:On Mar 9, 10:45 am, "michael nikolaou" : wrote: :> The motor i'm driving is operated every minute for 5 seconds so i get :> 24*60=1440 transients per day. :> I will actually speed thing up for testing and see what will happen after 5 :> years of operation. :> I imagine it will be enough .So your suggestions will have iummediate :> actions. :> Now regarding the 12VDC and isolation pls check my post to Ross . I know :> it's ancient story but the fact is :> that the new relays are extremely low power so somebody could check the :> minimum solution . :> Can somebody use a TVS unidirectional zener in shunt with the 12V relay :> inductor to protect spikes originating from the wiper as you mentioned :> since the zener-diode should create a similar behaviour ? :> The 1.5PKE seems fine though and you have my thanks for that. : : Testing without first doing calculations is a bad design practice. 5 :year testing is only to confirm those calculations; not to see if a :circuit works. : : Varistors are not intended for repeated spikes. Manufacturer :datasheets demonstrate the concept. With use, they degrade. :Therefore varistor type devices once used for protection are now :routinely replaced with semiconductor type devices. Avalanche diodes :(ie Transorb, Transil, etc) do not degrade. Either it works the first :day or it does not work at all.
What do you mean by "repeated"? Is it once every second or once per minute or whatever? Provided that the varistor is selected to have the right voltage and current surge rating for the task it will not fail as you suggest.
: : Varistors must never fail as implied by "lawsuits", etc. A failed :(degraded) varistor must have no visual indications of that failure. :Datasheets make that obvious. Varistors are intended for limited :events. With each use, varistors degrade - as datasheets define with :numbers. Any varistor that fails by creating a visual indication :leaves the circuit designer liable for a lawsuit. A completely :degraded varistor has no indication of its failed - a normal event :defined by the size and number of 'spikes'. And varistors are :typically used where rare, not normal, and excessive currents might :exist.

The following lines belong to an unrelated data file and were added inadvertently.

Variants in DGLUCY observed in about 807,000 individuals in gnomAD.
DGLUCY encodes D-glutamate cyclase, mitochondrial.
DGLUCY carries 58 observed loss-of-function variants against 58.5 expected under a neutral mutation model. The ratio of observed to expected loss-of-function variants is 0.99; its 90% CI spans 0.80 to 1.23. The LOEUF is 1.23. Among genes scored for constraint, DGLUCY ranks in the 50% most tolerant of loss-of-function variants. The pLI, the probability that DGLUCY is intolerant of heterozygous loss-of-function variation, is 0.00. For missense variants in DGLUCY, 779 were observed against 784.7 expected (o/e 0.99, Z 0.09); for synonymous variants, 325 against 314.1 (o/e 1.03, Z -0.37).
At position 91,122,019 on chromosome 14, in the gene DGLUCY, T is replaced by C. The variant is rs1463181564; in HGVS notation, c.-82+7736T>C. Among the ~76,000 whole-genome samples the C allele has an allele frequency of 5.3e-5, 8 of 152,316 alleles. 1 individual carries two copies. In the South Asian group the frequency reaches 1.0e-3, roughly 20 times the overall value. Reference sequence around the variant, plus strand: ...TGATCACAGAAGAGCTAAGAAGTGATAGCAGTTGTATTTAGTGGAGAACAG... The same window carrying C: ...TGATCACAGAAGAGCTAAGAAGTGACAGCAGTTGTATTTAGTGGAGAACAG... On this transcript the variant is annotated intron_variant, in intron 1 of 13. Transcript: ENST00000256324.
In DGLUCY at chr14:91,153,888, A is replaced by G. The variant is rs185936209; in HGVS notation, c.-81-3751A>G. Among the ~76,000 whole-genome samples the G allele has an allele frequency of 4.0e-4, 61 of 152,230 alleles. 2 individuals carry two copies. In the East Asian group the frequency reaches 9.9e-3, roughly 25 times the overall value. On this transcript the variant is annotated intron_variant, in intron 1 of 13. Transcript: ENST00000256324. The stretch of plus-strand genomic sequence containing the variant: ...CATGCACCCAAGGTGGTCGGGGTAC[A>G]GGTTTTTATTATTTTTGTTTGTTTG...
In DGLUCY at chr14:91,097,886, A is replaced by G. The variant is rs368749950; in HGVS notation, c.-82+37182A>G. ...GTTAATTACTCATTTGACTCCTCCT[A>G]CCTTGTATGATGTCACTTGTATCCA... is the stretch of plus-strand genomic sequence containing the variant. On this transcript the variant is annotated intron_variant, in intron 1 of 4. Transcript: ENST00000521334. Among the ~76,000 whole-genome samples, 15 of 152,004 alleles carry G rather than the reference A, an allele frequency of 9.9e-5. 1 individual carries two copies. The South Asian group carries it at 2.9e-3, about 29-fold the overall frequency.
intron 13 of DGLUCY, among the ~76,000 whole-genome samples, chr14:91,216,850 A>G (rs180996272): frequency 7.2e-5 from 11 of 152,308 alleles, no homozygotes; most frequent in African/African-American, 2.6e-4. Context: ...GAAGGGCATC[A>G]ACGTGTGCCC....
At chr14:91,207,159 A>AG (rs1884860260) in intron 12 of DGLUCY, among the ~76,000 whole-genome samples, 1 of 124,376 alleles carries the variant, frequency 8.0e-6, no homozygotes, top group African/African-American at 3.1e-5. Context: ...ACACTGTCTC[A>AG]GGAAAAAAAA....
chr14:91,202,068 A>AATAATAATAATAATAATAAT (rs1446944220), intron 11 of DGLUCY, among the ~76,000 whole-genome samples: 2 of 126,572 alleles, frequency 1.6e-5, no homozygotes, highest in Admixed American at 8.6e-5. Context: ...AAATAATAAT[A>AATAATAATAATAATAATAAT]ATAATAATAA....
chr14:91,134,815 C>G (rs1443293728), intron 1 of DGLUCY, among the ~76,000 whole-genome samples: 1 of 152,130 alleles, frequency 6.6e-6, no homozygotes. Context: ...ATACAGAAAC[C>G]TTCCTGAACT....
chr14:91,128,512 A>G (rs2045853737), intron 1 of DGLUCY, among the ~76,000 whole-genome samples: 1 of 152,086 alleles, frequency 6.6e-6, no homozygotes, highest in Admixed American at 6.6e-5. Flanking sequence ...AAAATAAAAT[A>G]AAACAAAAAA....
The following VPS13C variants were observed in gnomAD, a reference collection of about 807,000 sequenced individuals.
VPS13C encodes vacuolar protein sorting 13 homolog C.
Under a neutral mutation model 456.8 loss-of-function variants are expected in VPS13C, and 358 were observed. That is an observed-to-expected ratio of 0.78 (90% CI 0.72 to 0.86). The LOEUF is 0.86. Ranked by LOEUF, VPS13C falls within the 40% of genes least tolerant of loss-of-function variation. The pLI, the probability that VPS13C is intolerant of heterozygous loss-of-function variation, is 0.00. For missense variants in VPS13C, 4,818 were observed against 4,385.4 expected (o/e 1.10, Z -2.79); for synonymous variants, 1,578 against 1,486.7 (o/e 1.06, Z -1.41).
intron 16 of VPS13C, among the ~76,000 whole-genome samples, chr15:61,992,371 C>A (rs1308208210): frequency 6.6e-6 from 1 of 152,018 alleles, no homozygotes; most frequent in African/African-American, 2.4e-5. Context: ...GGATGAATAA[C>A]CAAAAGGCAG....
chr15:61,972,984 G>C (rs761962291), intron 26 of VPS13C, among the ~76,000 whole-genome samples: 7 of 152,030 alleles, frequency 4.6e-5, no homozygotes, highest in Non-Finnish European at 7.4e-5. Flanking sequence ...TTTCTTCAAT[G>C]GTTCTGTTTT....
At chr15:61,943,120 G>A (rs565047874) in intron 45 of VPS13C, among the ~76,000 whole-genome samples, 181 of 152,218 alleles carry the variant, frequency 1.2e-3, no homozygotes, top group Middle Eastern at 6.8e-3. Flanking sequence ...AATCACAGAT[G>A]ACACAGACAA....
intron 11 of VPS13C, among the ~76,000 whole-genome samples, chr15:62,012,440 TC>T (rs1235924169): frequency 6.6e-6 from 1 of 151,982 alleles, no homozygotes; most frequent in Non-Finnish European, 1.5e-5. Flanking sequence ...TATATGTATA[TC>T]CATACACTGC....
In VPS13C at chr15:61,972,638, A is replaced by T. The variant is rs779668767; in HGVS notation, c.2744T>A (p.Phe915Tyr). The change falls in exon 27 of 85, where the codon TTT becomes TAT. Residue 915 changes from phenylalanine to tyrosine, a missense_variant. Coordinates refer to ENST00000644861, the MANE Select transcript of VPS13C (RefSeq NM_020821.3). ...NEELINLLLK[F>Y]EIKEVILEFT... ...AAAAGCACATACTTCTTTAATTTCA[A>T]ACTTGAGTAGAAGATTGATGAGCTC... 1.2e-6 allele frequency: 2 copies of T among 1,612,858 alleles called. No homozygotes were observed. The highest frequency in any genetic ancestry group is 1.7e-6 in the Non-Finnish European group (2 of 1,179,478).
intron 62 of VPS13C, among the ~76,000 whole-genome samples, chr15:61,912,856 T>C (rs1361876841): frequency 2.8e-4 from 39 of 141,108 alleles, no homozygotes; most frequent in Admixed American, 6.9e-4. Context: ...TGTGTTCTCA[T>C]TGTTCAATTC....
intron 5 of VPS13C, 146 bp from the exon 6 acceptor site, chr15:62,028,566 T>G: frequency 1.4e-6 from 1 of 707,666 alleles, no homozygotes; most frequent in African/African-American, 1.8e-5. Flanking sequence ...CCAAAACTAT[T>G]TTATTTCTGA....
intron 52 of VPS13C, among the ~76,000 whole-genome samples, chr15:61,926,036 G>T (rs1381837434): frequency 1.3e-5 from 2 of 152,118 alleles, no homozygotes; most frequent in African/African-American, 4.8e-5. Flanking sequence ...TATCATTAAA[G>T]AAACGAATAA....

What you failed to state is that varistors degrade when they repeatedly have to absorb surges "beyond" their specified ratings of voltage and current. Provided that the transients absorb do not produce excessive surge currents they will continue to limit transients for many years. It all depends on the correct device selection. Transorbs which are not appropriately selected for the task will fail just as easily as varistors. It is just that when they do fail it is usually on the first occurrence and the destructive effect is more violent. I have seen a transorb blown to pieces just as I have seen a varistor when subjected to ecessive voltage and current. I have also seen varistors continue operating in 240Vac operated environments for 30 years without failing.
: : Current pulses induced by the wiper (armature or whatever) typically :would be completely ignored by a transorb across the coil. Appreciate :the two different types of current. A transorb across the coil may :see no current (or voltage) as that current passes out the on one or :both wires.
This statement makes absolutely no sense at all. What are the "two different types of current" you refer to? The fact that you use the term "wiper" in relation to electromagnetic relays indicates you have little knowledge or experience with them. A transorb or varistor across a relay coil will "always" see the voltage produced by the back emf as the relay is de-energised - that is the whole purpose of using such devices. The degree of current produced by the back emf is dependent upon the magnitude of the voltage transient produced by the back emf and the coil resistance through which this current must pass.
: : This is another reason for buffering the coil with a transistor. :Transient current conducts through transistor to ground AND the large :CB or drain to gate voltage in series with a resistor buffers the :microprocessor.